I was surprised to find out that the largest collection of Soviet nonconformist art was not in Russia but only an hour’s train ride from New York City and began researching the Dodge Collection in September 2011, when I entered the PhD program in Art History at Rutgers—New Brunswick. As a Dodge Fellow, I have assisted in organizing numerous exhibitions of the collection and started preparing Dreamworlds and Catastrophes in the spring of 2014. My goal was to find ways for the Zimmerli’s audience to access the Dodge Collection through the larger narrative of transnational Cold War networks of science and culture.
Advancements in science and technology during the Cold War gave Soviet citizens great hope, but they also came at a steep price, taking their toll on the economy, environment, and quality of life. For example, Soviet, as well as American, artists working at this time were conscious of the effects of the atomic bomb on society. The works of Boris Mikhailov and Alexander Zhitomirsky reveal concerns for the well-being of the average Soviet citizen in the face of impending nuclear war and the onslaught of American capitalism. In a photograph by Mikhailov from the 1970s, two boys are transformed into monsters by gas masks. Directly above them hangs a portrait of Vladimir Lenin, the first leader of the Soviet Union, who was said to always be watching. In his carefully constructed photo montages, Zhitomirsky juxtaposes seemingly incongruent objects to send strong, critical messages. Ferocious Appetite from 1969 makes literal the phrase “sharks of capitalism.” A decorated American general is turned into a monster with a nuclear warhead for a face. With a nameplate reading “Pentagon,” he devours a hospital, a school, an office building, and numerous links of juicy sausages that fly through his sharp fangs into his large, gaping mouth.
A salient motif of Dreamworlds and Catastrophes is that of the cosmonaut or Soviet astronaut. Cosmonauts were celebrated as heroes and became icons of popular culture. Yuri Gagarin, who is depicted in multiple works on view, is the most famous cosmonaut. The son of a carpenter and a milkmaid from a village outside Moscow, Gagarin was the first human launched into space on April 12, 1961. After orbiting for 108 minutes, he parachuted back to Earth, landing in a collective farm—much like the cosmonaut in Sergei Sherstiuk’s painting The Cosmonaut’s Dream from 1986.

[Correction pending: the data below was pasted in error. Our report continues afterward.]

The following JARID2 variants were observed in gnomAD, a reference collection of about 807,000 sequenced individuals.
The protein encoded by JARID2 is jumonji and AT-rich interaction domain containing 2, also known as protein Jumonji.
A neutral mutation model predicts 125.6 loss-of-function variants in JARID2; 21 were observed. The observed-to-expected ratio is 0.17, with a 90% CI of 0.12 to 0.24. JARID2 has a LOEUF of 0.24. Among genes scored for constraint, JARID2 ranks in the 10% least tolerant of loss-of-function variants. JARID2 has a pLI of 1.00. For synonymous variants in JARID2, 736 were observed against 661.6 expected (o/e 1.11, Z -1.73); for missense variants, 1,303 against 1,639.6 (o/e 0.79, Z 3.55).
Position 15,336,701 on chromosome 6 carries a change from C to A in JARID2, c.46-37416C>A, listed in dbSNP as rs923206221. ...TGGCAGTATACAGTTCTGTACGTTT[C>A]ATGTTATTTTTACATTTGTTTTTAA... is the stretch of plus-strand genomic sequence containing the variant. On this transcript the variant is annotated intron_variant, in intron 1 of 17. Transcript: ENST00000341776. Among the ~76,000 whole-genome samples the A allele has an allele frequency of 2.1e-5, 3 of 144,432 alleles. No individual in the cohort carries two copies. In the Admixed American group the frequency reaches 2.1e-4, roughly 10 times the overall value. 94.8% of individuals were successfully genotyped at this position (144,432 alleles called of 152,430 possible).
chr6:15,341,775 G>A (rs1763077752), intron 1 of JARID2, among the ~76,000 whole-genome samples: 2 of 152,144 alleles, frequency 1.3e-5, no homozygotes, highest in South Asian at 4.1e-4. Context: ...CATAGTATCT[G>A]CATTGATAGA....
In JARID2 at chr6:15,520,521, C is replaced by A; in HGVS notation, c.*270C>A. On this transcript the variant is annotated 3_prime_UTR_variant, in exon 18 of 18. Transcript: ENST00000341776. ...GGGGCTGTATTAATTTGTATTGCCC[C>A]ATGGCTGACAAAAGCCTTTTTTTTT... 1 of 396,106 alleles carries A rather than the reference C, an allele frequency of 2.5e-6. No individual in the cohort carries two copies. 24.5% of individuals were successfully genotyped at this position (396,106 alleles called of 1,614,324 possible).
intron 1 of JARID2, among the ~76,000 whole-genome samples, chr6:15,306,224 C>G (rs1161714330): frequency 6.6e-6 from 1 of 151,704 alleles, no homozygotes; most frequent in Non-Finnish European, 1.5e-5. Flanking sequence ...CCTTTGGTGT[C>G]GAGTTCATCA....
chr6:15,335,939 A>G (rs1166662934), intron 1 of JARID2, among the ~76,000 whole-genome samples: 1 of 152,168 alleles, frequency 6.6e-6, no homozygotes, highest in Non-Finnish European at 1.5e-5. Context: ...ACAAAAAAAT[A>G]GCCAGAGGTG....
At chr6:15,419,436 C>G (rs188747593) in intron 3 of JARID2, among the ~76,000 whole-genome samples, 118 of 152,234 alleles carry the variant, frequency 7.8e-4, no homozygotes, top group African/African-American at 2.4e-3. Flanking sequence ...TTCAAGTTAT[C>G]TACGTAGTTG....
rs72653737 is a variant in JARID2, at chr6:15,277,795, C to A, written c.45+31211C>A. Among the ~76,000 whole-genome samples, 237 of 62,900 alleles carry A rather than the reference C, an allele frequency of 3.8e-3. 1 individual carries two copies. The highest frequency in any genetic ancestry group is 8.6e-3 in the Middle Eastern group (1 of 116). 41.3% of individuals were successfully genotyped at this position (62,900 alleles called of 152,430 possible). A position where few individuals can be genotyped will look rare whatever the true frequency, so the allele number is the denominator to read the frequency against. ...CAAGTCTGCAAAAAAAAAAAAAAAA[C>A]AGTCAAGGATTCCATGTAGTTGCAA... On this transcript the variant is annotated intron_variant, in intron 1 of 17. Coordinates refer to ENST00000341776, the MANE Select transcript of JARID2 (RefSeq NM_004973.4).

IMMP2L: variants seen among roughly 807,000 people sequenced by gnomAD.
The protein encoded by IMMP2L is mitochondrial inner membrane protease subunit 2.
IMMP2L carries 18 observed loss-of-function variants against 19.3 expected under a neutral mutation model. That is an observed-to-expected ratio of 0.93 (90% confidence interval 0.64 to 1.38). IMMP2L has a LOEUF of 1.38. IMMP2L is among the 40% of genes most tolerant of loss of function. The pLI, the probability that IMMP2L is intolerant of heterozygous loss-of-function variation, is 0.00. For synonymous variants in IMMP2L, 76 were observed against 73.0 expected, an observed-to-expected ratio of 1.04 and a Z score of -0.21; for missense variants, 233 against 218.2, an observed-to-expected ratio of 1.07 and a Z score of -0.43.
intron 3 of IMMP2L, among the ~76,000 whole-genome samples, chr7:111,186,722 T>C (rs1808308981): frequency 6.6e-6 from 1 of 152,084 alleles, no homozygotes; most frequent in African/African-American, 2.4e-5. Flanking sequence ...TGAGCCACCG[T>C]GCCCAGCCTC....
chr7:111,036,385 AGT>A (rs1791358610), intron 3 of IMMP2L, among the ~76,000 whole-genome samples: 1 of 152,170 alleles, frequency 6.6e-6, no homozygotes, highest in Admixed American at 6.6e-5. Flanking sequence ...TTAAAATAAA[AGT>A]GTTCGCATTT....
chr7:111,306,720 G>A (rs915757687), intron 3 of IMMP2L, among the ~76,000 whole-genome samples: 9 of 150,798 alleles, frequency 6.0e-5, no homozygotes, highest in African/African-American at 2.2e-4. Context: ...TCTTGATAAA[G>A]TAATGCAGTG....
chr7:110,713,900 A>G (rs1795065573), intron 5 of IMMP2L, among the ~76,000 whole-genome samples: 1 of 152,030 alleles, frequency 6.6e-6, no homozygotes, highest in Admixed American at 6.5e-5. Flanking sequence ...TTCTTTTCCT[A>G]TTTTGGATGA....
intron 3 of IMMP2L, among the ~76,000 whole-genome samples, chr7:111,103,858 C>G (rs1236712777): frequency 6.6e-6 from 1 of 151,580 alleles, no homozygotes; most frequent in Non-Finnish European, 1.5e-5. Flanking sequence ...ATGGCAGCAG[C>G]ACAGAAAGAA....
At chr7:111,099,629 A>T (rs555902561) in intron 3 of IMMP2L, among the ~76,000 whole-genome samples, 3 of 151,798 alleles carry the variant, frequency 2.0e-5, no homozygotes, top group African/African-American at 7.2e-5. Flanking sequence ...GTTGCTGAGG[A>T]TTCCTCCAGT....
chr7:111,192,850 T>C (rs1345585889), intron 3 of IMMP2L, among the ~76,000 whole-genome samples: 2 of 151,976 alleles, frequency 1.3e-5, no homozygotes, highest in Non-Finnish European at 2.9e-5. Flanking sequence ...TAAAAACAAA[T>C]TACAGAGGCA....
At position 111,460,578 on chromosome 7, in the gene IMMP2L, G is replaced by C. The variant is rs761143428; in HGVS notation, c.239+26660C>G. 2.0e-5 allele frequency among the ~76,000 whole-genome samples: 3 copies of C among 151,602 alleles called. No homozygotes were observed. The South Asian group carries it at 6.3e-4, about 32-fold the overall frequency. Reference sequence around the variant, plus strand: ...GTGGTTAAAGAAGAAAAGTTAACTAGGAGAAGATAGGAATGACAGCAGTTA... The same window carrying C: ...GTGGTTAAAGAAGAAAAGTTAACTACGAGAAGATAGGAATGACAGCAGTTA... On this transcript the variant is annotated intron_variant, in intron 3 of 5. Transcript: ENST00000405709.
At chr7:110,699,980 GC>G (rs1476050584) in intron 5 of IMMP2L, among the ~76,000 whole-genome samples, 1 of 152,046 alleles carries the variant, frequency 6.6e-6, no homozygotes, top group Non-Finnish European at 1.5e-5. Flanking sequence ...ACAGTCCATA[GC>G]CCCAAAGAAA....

Kinetic art, which uses movement, light, and even sound in three-dimensional constructions, allowed Soviet unofficial artists to directly apply science to art. In the Soviet Union, critics often did not value kinetic art as a fine art and relegated it to the decorative arts and exhibition design. As a result, many kinetic objects and installations went unrecognized and even unrealized. In Soviet Russia, kinetic art was dominated by Dvizhenie (Movement Group), a short-lived, loose collective of artists. At the same time, kinetic art also thrived in Latvia, a Soviet republic located on the Baltic Sea. Inspired by the utopian ideals of the early twentieth-century avant-garde, their works used art to revitalize everyday life under the often repressive Soviet regime. Janis Borgs’ Dynamic City references a series of compositions of the same name made by Gustav Klucis, the early twentieth-century artist. Borgs proposed installing a large-scale electrokinetic clock and graphic mural on the wall of a building on the corner of C?su and Lenin (now Br?v?bas) Streets in Riga. Valdis Celms’s Positron was also to be a work of public art on the grounds of an electronics factory in Ivano-Frankivsk, Ukraine. More than just art, the sculpture would have rotated and emitted different patterns of colorful light, producing psychological and emotional effects meant to relax the factory’s workers and enhance overall morale.
To have a look for yourself at these and many other fantastical and cosmic works of unofficial art from the former Soviet Union, I encourage you to visit the Zimmerli before July 31!
Ksenia Nouril is a PhD candidate in Art History at Rutgers, The State University of New Jersey and a Dodge Fellow at the Jane Voorhees Zimmerli Art Museum in New Brunswick, New Jersey. Her dissertation examines the practices of contemporary Eastern European artists who actively question and engage with the history and historical representations of socialism since 1989. When she is not dissertating or curating, Ksenia is a Contemporary and Modern Art Perspectives (C-MAP) Fellow at The Museum of Modern Art, New York, where she researches and plans programming related to Central and Eastern European art. Ksenia received her BA magna cum laude in Art History and Slavic Studies from New York University in 2009.